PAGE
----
Watch an infant's wide unfocused eyes play over an unfamiliar room, pulling together sense and structure from what is around him. Have they seen this all before. No...?
We edge slowly along from uncertainty towards certainty, from darkness to light - yet we are not even the tiniest fraction of the way along the infinitely long road from Zero to One. One life, one consciousness, one brief chance - is to be our only glimpse into this process?
I don't believe this is the case. The journey is long and much learning lies ahead. We must all learn to overcome the reptile in the brain, that dim, brutal and selfish animal within us, and allow in the angelic; this is spiritual evolution; willing yourself ever closer along that multi-billion year-long path towards God-ness, towards absolute understanding; total Universal unity and infinite consciousness.
We will all die, but the atoms that make us, those atoms maintaining formation within the molecules of our DNA, within our protein - those atoms will keep on spinning as they have done so for many billions of years. What will we have taught them? For when they return to the soil, they will spin on, bearing with them fragments of memory and will and consciousness.
And they return from the dark collective of that rich loam once more as individual and conscious life, they will be another tiny step closer to God. The following phrase popped unbidden into my mind one day: "There is a seamless continuum which our souls observe through myriad eyes". We live, we learn, we die, we are reborn; it must happen many times.
The daughter of a famous Polish author, buried at Powązki cemetery in Warsaw, told me that each time she visits the grave, she finds objects left on it by his fans. One year, she noticed a plant growing by the headstone. She decided to leave it, and to let it grow. It grew into a plum tree. She realised that the fruit was nurtured by her father's body, and took some plums to her own garden, to let them grow into trees. This reminded me of a passage from Bill Bryson's book A Short History of Nearly Everything. And I quote:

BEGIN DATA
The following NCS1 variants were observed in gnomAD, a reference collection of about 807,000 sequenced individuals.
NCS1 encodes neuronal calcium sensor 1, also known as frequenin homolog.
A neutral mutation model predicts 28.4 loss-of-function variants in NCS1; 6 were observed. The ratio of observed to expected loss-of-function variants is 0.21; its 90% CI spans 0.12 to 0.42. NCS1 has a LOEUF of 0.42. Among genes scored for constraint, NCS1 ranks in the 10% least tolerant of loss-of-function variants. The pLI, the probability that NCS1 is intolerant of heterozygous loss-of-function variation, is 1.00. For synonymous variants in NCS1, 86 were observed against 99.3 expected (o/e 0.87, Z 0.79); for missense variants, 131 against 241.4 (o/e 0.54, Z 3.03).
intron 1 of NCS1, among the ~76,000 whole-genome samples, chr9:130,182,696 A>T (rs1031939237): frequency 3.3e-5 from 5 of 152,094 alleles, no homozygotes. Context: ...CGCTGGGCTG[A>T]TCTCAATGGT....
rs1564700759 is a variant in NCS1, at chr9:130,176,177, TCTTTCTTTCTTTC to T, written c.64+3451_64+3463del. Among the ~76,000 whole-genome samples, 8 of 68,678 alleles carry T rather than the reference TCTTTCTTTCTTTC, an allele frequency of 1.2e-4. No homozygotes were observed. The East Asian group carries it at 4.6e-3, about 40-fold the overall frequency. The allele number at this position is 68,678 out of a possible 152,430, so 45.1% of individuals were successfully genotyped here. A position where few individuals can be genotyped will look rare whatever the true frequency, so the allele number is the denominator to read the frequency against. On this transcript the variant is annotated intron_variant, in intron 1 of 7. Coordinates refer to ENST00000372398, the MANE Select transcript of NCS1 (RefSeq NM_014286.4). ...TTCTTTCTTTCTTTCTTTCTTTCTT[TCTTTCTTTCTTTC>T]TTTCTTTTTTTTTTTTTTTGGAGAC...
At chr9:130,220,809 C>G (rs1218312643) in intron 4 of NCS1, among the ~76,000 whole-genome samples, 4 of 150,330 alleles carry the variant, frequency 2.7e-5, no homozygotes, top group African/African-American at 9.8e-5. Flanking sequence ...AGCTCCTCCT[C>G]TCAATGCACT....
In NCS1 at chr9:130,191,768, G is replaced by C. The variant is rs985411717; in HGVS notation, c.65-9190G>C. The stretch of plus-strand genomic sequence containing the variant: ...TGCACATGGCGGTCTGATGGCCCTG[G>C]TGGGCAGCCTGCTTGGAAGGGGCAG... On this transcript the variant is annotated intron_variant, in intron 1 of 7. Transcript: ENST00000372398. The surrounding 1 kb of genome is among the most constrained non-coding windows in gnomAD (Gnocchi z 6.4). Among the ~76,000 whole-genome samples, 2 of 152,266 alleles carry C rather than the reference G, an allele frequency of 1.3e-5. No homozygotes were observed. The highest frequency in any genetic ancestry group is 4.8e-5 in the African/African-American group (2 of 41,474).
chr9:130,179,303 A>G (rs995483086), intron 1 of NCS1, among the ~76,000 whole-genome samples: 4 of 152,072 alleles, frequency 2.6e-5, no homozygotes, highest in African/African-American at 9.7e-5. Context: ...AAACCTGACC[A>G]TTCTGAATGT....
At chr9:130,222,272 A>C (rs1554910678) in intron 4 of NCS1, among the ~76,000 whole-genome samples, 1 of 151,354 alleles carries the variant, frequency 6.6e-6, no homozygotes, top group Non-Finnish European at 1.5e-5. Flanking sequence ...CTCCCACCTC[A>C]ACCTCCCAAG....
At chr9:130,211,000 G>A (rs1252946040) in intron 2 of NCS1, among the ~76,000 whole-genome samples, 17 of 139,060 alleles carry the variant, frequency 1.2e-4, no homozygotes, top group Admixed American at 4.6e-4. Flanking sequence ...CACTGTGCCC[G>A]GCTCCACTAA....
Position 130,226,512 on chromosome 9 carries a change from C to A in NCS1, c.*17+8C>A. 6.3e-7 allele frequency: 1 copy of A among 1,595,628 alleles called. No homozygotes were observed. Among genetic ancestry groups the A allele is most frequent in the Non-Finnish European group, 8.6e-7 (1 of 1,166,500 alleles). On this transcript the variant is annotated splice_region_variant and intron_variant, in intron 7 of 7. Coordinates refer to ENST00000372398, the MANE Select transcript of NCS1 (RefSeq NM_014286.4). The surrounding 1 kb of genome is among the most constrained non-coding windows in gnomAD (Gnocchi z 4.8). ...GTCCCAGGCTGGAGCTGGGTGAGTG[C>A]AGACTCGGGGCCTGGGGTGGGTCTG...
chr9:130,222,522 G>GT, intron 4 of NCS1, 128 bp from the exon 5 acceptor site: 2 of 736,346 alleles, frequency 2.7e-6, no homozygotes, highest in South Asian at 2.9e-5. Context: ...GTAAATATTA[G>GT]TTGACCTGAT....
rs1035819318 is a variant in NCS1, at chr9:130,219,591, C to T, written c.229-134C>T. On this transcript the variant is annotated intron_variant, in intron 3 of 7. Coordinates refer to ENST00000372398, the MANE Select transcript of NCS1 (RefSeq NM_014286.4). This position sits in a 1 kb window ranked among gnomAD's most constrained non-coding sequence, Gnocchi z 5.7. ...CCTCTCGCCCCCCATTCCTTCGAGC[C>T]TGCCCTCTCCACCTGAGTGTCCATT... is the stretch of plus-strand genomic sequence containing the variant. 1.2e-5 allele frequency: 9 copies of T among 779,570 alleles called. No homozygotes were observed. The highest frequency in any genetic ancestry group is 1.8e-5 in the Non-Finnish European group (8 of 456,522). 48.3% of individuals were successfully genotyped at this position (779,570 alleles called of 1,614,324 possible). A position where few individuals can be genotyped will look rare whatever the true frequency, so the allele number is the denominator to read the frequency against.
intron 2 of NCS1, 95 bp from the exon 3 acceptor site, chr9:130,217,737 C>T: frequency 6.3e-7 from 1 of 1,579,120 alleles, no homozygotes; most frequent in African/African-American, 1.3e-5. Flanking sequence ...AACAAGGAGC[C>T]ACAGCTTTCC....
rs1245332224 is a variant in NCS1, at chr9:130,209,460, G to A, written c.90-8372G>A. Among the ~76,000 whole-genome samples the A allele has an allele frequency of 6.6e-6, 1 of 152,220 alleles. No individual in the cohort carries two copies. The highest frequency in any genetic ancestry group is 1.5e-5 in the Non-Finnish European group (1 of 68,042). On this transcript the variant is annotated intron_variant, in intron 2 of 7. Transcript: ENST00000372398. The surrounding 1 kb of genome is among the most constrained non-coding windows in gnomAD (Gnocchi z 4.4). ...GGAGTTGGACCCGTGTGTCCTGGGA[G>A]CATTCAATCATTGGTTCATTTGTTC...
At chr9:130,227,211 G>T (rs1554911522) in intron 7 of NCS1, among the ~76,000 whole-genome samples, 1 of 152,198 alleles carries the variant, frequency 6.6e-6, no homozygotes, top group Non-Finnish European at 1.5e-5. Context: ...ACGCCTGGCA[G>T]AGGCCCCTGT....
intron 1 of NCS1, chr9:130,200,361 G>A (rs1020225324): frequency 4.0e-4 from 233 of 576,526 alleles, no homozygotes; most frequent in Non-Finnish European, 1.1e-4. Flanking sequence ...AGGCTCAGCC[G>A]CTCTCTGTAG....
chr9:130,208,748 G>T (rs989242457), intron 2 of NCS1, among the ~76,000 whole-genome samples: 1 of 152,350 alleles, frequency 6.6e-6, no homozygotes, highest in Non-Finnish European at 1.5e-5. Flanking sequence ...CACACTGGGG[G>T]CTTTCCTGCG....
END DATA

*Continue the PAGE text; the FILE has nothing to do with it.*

"[Atoms] are fantastically durable. Because they are so long-lived, atoms really get around. Every atom you possess has almost certainly passed through several stars and been part of millions of organisms on its way to becoming you. We are each so atomically numerous and so vigorously recycled at death that a significant number of atoms - up to a billion for each of us, it has been suggested - probably once belonged to Shakespeare. A billion more each came from Buddha and Genghis Khan and Beethoven, and any other historical figure you care to name. (The personages have to be historical, apparently, as it takes the atoms some decades to become thoroughly redistributed...)
So we are all reincarnations - though short-lived ones. When we die, our atoms will disassemble and move off to find new uses elsewhere - as part of a leaf, or other human being or drop of dew. Atoms themselves, however, go on practically for ever."Is this how consciousness flows from one living being to the next? I don't know. Nice as it would be to construct a theology around this, all I can only honestly say: "I don't know, but I want to know, and will continue to seek."
So - if you wish to hurry your atoms to get recycled quickly into another conscious human being soon after your death - is it better to be buried or cremated?
Again, I haven't a clue; it's futile trying to work it out. There are billions of years to go before our sun fades and dies and billions more before the Universe slows down before beginning to contract. Conjecture; one for cosmologists to work out. In the meantime, the spiritual drive, the quest for higher awareness, drives us onwards.
The Universe: what's out there, what our humanity means in the scale of our galaxy and all the other hundreds of billions of galaxies out there - this is an absolutely must-read piece.
Next: dealing with evil on the universal scale
Previous post in this series: a glimpse of the afterlife
This time two years ago:
Images of God
This time three years ago:
City-centre living, Warsaw-style
This time four years ago:
Communist plaque on Zygmunt's Column
This time seven years ago:
Three weeks into Lent